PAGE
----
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The 3 Worst Things You Can Do When Black People Experience Police Brutality (VIDEO)

The very public deaths of Alton Sterling and Philando Castille because of police brutality has erupted the nation into an outrage. As Edmund Burke said:

“The only thing necessary for the triumph of evil is for good men to do nothing.”

police brutality
Image via YouTube screenshot.

As people are watching all of the recent violence and witnessing the emotional outcry, you might be wondering what you can do or if you should do anything at all?

Well, let me first say that not only can you do something, you absolutely should do something. Albert Einstein said:

“The world will not be destroyed by those who do evil, but by those who watch them without doing anything.”

So, what do you do? That’s really up to you, but here are three things that you, respectfully, as a white person should definitely never do when events like this happen. Here are also some things you can do instead.

1) Do Not Villainize The Victims

Isn’t it already bad enough to have suffered police brutality? Is it necessary to suffer character assassination as well? This actually happens a lot. Those who are victims of violent acts committed by overzealous officers are then followed up by traditional news outlets with character assassination.

Oftentimes, even in their death, victims are painted as thugs, violent offenders, and even have their past criminal records brought up, no matter how old they are. Sounds crazy right? What bearing do past legal issues have on anyone being currently publicly executed?

Unfortunately, this cycle happens all the time. Some of the first images of Alton Sterling we witnessed following his brutal murder was of an old mugshot from several years ago. It was only through extensive protests that several news outlets changed their image of Sterling during their features.

What To Do Instead

Acknowledge the humanity of the victim. Whether the victim was a criminal or not, they were still the victim of a violent act committed by a person who was sworn to protect them. Identify the loss being suffered by the families of the victim.

Focus on the issue.  Someone was brutally killed at the hands of an officer, and that is the issue. Not the victim’s past, but that their life was taken by an officer of the law. Nothing more.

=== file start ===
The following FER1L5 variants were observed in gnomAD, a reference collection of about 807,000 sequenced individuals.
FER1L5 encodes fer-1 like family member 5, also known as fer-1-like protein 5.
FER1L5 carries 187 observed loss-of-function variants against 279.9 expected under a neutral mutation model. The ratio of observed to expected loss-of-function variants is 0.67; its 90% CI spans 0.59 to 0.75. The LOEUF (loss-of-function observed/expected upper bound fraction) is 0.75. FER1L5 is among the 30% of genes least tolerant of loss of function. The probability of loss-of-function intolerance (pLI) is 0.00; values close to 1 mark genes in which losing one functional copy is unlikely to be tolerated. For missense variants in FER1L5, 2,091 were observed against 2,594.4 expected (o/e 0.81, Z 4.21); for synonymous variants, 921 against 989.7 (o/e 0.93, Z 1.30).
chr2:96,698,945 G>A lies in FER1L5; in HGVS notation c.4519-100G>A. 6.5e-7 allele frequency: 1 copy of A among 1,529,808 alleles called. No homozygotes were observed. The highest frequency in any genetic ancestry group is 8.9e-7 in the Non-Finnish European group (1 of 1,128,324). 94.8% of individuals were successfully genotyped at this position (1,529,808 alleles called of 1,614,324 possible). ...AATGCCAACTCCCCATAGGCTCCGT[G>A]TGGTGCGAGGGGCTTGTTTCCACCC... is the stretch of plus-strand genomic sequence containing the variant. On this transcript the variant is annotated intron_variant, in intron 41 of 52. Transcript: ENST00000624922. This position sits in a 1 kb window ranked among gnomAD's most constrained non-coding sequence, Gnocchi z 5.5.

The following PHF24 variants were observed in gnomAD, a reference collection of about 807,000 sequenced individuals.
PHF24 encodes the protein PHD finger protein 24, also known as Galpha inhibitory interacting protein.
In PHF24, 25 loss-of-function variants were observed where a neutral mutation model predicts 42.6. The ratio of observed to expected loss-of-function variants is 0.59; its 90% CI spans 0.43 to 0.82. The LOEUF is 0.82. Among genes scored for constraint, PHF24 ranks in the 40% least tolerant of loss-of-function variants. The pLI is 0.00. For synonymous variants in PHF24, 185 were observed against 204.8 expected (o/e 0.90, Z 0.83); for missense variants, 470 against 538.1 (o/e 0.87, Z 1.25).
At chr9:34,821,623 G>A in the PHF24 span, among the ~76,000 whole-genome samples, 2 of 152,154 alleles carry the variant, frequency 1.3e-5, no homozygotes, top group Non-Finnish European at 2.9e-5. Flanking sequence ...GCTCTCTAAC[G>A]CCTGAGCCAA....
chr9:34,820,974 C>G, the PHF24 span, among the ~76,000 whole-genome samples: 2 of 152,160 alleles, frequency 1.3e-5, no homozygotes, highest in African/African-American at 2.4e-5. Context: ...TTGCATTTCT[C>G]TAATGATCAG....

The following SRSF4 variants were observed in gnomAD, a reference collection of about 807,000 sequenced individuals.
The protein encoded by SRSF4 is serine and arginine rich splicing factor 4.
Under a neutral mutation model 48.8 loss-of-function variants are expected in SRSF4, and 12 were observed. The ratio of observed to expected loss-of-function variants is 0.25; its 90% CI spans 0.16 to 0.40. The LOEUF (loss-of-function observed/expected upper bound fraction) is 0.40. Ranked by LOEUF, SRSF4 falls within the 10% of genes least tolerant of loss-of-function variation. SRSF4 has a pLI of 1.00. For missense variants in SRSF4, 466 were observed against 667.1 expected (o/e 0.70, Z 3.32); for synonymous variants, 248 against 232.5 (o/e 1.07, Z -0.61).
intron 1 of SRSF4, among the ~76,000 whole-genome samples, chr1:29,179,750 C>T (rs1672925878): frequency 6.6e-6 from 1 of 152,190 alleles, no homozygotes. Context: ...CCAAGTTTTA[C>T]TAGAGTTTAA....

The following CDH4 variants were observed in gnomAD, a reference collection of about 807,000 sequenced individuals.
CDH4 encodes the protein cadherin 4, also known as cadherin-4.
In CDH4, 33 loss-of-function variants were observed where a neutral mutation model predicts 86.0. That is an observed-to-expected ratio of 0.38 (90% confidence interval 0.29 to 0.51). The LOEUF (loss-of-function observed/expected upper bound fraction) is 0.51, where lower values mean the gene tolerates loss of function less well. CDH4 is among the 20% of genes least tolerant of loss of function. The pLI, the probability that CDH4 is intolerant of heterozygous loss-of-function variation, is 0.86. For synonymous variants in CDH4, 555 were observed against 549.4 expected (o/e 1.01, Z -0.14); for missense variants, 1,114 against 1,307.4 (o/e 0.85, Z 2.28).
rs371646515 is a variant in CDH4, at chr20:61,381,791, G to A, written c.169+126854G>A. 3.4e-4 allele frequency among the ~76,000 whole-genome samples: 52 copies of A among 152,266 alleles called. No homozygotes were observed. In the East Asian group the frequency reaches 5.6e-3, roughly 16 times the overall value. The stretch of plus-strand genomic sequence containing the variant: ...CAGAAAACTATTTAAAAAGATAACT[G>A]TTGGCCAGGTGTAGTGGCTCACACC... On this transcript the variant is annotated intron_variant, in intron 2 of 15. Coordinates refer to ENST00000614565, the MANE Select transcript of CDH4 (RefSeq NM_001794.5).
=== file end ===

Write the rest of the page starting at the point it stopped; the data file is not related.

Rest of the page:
2) Saying #AllLivesMatter As A Follow Up To #BlackLivesMatter

Imagine that you live in a nice neighborhood. One night, there is a house fire. The house on fire is your house. You panic and call the fire department. The fire department rushes out to your house, but instead of dousing the house that is on fire, they spray the entire neighborhood with water because all the houses matter.

Does that make sense? No, it doesn’t. No good fire department would ever do that, but instead would douse the home that was actually on fire, because in that moment that house needs it the most.


This example illustrates what it’s like when people follow up “Black Lives Matter” with “All Lives Matter.” It is ignoring the rallying cry for support and the distress call for help.

What To Do Instead

Understand what is being said when someone is saying “Black Lives Matter.” They are not negating the value of other’s lives, they are acknowledging that there are events and systems, and yes, even people who do not agree that black lives do indeed matter.

Be honest. If you don’t know what’s going on, say that. If you’re uncomfortable in posting “Black Lives Matter” then don’t. But do acknowledge the feelings of those who feel like others think their lives don’t matter. Let them know that their lives DO matter and that you think so.

3) Being Silent, Or Worse, Indifferent

Silence and indifference are luxuries that we can no longer afford at the cost of losing black lives. Complacency is the sin of the masses, the sin that watches people get murdered by those who were sworn to protect and to serve. Police brutality is real.

police brutality
Image via YouTube screengrab.

What To Do Instead

Say something. It is really uncomfortable to bring up or even take part in a conversation that deals with oppression, especially if you are in the lineage of the traditional oppressor. But this country has too long avoided the conversation with its forcibly adopted children that it must now reckon with.

Facts are that there is systematic oppression and imbedded hate that are woven into this country, and the benefits enjoyed by many in the land of the free were built upon the backs of the enslaved. No, talking won’t bring back Alton Sterling, Philando Castile, or any one of the hundreds of named and nameless slain by systematic oppression.

But dialogue will open the door to reconciliation and healing. It will create some understanding. It will show that you care.

This is a difficult and confusing time within our country, but, with open and honest dialogue, seeing each other’s humanity, and a good hard look in the mirror, as a nation we really can finally be united and overcome someday.

Here is a video from CNN showing the disturbing reality of racism in law enforcement:

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Written by Whitney Alese

I'm Whitney, a journalist, social media consultant and lifestyle blogger and freelance writer living and working in Philadelphia. In addition to my own blog The Reclaimed (, I have written for Lucky Magazine, BuzzFeed and several other news outlets. Thanks for stopping by.